How long can rice noodles stay in soup?
December 25, 2020 8:59 AM   Subscribe

I’m making a soup that calls for rice noodles, and says to add the noodles X minutes before serving. I’m not going to be able to do this. I’d love to be able to just dump them into the soup to cook and then keep the whole soup simmering on low until we can eat about an hour later. Sub-optimal but okay idea or terrible idea?

I know that I can cook the noodles separately and then add the cooked noodles to the soup before serving, but do I have to? Will sitting in the soup on low for an hour or so be long enough to wreck them? Using flat dried noodles (like in pad Thai), if that makes a difference.
posted by Mchelly to Food & Drink (12 answers total) 1 user marked this as a favorite
 
I think this depends on a few different factors. The thing you’d want to avoid is the noodles disintegrating and mixing into the soup so it makes basically rice flour porridge. Will the soup be on a very gentle simmer? Are your noodles kind of thick? I can see that working out okay. But if the noodles are thin and it goes above a gentle bubble for too long I imagine they will get bashed around too much and once they are very fully cooked will break apart in the agitation. Additionally, if the recipe calls for cooking the noodles separately but you want to add them dry to the pot you’ll need to add a corresponding amount of liquid into the soup to compensate. But beyond that they will likely continue hydrating the longer they sit in the soup, so you’ll need to adjust for that on the fly, which might be difficult.

I don’t think it’s a terrible idea but it might be more trouble than just setting a reminder to pop the noodles in at X time until you’ve got time to mess around with the preparation without disappointment.
posted by Mizu at 9:33 AM on December 25, 2020 [2 favorites]


You're going to want to precook the noodles and add them just before serving. It will make the difference between having noodles and having mush.
posted by rikschell at 9:36 AM on December 25, 2020 [19 favorites]


Just for clarity, the recipe says to boil the noodles in the soup, not separately. I would be able to keep it at a minimum bubble.
posted by Mchelly at 9:40 AM on December 25, 2020


To be honest-probably a terrible idea. In addition to becoming mushy-the noodles will absorb so much moisture from the soup it might throw off your ratio of broth to solids...
posted by sparringnarwhal at 10:04 AM on December 25, 2020 [26 favorites]


Sparringnarwhal has it. And after an hour it may not have any broth left at all.
posted by gryphonlover at 10:20 AM on December 25, 2020 [1 favorite]


The recipe may say to boil the noodles in the soup, but it also says only a few minutes. Boil the noodles separately (you could boil them in a broth if you wanted to maximize flavour, but honestly it's almost certainly not worth it) and add last minute if you want soup. An hour of slow simmering will give you something like thick congee if you're lucky, a burnt glutinous lump if you're not.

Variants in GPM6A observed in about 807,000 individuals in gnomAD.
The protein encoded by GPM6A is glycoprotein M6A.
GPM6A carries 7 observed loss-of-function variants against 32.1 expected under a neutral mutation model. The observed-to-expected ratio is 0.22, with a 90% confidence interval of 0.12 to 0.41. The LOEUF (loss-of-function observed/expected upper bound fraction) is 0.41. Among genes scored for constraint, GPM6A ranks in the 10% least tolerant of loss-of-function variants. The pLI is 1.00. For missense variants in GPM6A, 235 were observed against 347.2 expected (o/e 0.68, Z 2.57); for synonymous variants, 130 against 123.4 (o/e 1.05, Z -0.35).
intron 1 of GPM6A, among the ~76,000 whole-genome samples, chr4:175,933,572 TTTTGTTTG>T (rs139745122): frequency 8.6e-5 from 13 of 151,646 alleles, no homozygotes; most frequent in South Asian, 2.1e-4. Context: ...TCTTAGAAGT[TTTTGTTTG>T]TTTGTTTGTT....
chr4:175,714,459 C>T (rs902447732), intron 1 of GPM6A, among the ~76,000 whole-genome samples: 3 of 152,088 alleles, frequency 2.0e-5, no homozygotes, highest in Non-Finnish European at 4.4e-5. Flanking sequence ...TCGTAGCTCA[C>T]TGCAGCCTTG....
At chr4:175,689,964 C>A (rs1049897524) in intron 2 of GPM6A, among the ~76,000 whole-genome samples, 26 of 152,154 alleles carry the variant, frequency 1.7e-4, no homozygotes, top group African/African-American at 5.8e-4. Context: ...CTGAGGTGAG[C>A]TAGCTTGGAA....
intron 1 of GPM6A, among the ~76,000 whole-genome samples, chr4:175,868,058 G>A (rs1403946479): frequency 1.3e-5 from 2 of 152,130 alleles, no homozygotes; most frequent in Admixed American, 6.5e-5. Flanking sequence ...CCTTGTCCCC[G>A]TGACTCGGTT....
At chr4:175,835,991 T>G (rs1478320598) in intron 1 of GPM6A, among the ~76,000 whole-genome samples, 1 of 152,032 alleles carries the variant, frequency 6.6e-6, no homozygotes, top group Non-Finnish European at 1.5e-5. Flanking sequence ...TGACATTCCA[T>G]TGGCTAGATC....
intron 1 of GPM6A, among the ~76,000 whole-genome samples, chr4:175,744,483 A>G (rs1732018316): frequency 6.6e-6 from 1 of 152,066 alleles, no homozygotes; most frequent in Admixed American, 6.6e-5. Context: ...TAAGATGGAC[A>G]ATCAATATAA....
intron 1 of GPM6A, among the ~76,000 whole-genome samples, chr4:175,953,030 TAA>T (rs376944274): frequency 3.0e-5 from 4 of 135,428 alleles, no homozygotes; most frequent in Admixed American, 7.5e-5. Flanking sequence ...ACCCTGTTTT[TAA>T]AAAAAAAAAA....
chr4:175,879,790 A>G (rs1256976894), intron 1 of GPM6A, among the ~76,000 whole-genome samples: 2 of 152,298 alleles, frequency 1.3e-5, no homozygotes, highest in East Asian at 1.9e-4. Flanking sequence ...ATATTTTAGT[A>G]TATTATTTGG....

posted by Superilla at 10:40 AM on December 25, 2020 [7 favorites]


Cooking the noodles in the soup enhances their flavor a little bit, but not a lot, because you're supposed to add them only X minutes before serving. If your dining party is picky about texture, then I would cook (in water; it's not worth having to ladle out broth for this) / drain / chill and put it back into the bubbling hot soup to warm when it's time. You could probably even portion it out in the bowls and then just add hot soup to warm -- this is basically what pho restaurants do, isn't it?

But really, my family likes things mushy, and I don't recall ever having a problem with non-wheat noodles across many evenings of reheatings, though it's possible that we were using yam noodles or mung bean noodles.
posted by batter_my_heart at 12:21 PM on December 25, 2020 [2 favorites]


I make a soup with rice vermicelli and we often have leftovers the next day. After sitting in the fridge overnight we get sort of noodle risotto. It's tasty but a very different texture! You run the risk of getting the same effect.
posted by kadia_a at 12:33 PM on December 25, 2020 [4 favorites]


One more vote for pre-cooking the noodles. Cook them as the package says, rinse them in cold water to stop them from cooking. Maybe separate them into individual "nests" for each bowl, like batter_my_heart says, that will make serving simpler. In my experience, you don't need to reheat the noodles before serving, just pour over the hot soup.
The soup itself can be kept at a slow simmer.
posted by mumimor at 2:09 PM on December 25, 2020 [4 favorites]


Drop the noodles into the soup in a big strainer, give them a minute or 2 to pre-cook, pull them out. They will soften a bit more. When it's time, bring the soup to a full boil, add the noodles, serve. Hot soup and non-mushy noodles are worth a couple of minutes, which is all this will take.
posted by theora55 at 3:39 PM on December 25, 2020 [4 favorites]


Rice noodles are delicate. They will not withstand an hour of cooking, they will turn to mush.
posted by gnutron at 9:27 PM on December 25, 2020 [5 favorites]


Thanks everyone. I pre-cooked the noodles then rinsed in cold water, and it was perfect.
posted by Mchelly at 4:26 PM on December 26, 2020 [3 favorites]


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